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UEFA in 2020 – Part 1: Facing extraordinary times

It's been a year like none before for UEFA and European football, which has had to confront the outbreak and widespread impact of the COVID-19 pandemic across the continent.

UEFA President Aleksander Čeferin addresses the Amsterdam Congress
UEFA President Aleksander Čeferin addresses the Amsterdam Congress UEFA.com

In the first part of our review of events in 2020, from January to June, we look back at how UEFA faced up to this unprecedented crisis – and how the football community's unity and solidarity paved the way for the game's resumption in the summer.

JANUARY

The 2018/19 UEFA Foundation for Children's activity report explains how the foundation's efforts to use football to drive social good are improving the lives of more than one million children across some 100 countries.

UEFA.com Fans' 2019 Team of the Year
UEFA.com Fans' 2019 Team of the YearUEFA.com

After a month of voting during which more than two million votes were cast, seven players make their debut in the 2019 UEFA.com Fans' Team of the Year.

UEFA's latest annual club licensing benchmarking report on European club football for the 2018 financial year brings positive news – the second consecutive year of overall profitability for European top-division club football.

FEBRUARY

Playmakers encourages more young girls to love football
Playmakers encourages more young girls to love footballGetty Images

UEFA and Disney join forces to launch a ground-breaking football programme – Playmakers – using Disney's world-renowned storytelling to encourage more young girls to kickstart a lifelong love of football.

MARCH

At UEFA's 44th Ordinary Congress in Amsterdam, UEFA President Aleksander Čeferin warns that the European football community must act to prevent the over-commercialisation of the game, by putting "purpose before profit".

UEFA EURO 2020 was postponed until summer 2021
UEFA EURO 2020 was postponed until summer 2021UEFA via Getty Images

The outbreak and rapid spread of the COVID-19 virus in recent weeks leads UEFA to postpone the UEFA EURO 2020 finals in June/July by 12 months. "It is at times like these that the football community needs to show responsibility, unity, solidarity and altruism," says UEFA President Aleksander Čeferin. "The health of fans, staff and players has to be our number one priority." The move is also crucial because it eventually enables 2019/20 domestic competitions across Europe to be completed when football returns in the summer.

With Europe's club competitions brought to a halt, UEFA also decides to postpone the May finals of the 2019/20 UEFA Champions League, UEFA Europa League and UEFA Women’s Champions League.

APRIL

The UEFA Women’s EURO will take place in 2022
The UEFA Women’s EURO will take place in 2022AFP/Getty Images

The COVID pandemic continues to have a dramatic impact on life across Europe and beyond, and with football at a standstill in its wake, UEFA postpones the 2021 UEFA Women's EURO in England to summer 2022. The move means that the Women's EURO will be the major international sporting event of that period – giving a significant boost to women's football into the bargain.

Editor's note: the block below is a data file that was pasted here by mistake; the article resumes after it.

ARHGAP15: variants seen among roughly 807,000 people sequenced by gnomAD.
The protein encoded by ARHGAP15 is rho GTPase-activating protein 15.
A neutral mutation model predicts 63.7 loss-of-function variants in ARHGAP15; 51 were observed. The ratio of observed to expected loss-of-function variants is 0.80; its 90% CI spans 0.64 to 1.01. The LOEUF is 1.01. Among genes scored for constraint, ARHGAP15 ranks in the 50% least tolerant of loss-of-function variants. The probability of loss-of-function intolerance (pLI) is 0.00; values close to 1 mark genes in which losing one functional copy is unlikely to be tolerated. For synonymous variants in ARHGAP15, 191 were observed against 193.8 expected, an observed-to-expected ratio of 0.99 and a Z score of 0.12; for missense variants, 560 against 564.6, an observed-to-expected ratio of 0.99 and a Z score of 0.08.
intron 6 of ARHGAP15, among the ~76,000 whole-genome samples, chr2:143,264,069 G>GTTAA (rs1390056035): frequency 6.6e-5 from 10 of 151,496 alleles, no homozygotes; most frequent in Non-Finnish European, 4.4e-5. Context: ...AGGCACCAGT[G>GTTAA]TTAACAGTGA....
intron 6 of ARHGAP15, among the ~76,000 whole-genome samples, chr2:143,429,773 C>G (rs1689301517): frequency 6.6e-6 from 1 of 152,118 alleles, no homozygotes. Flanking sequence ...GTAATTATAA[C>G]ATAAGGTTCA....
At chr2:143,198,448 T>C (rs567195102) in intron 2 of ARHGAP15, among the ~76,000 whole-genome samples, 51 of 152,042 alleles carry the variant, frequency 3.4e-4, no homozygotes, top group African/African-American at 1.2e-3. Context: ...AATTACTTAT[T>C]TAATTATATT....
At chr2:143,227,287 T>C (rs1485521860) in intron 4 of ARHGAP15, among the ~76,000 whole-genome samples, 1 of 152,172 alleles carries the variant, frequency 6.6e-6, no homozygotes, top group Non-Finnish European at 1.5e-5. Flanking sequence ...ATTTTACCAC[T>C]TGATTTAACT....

UEFA also postpones all national team matches due to be played in June.

In light of the COVID crisis and widespread financial difficulties faced by many European clubs, UEFA immediately releases club benefit payments related to the clubs' contribution to UEFA national team competitions.

In another solidarity gesture, UEFA releases €236.5m to help its 55 member associations meet the challenges of COVID-19 in their respective countries. "Our sport is facing an unprecedented challenge brought about by the COVID-19 crisis," says UEFA President Aleksander Čeferin. "I believe this is a responsible decision to help as much as we can."

The UEFA Foundation for Children – caring for children in Europe and beyond
The UEFA Foundation for Children – caring for children in Europe and beyondUEFA.com

The UEFA Foundation for Children celebrates five years of using football and its social power to support and defend children in Europe and beyond.

UEFA's 2018/19 Football and Social Responsibility Report showcases crucial commitments to using football's power for sustainable development.

MAY

In an extension of UEFA's first-ever pan-European grassroots programme for 5-8 year old girls, Playmakers, UEFA launches Play at Home with Playmakers, featuring characters from Disney and Pixar's Incredibles 2, to help children across Europe have fun while staying safe at home.

JUNE

©UEFA

UEFA announces that its 2019/20 club competitions will resume in August with a revamped match schedule – eight-team single-match knockout tournaments hosted in one country in the UEFA Champions League (Portugal), UEFA Europa League (Germany), UEFA Women's Champions League (Spain) and UEFA Youth League (Switzerland). Matches will be played behind closed doors and with strict medical precautions in place.

UEFA President Aleksander Čeferin welcomes the 'Return to Play' – the result of outstanding cooperation and flexibility shown by UEFA, clubs, leagues, associations and players' unions. "The whole of the football community has worked hand in hand together to arrive at the point where the game can resume," he says.

The UEFA Executive Committee approves temporary emergency Financial Fair Play measures taking into account the adverse effect of the COVID-19 pandemic on club finances.

UEFA announces the creation of a new framework to assist national associations in creating and developing their own women's football strategies.

The UEFA Foundation for Children awards €1 million in grants to 20 European charities in recognition of their work to improve the lives of deprived or socially excluded children.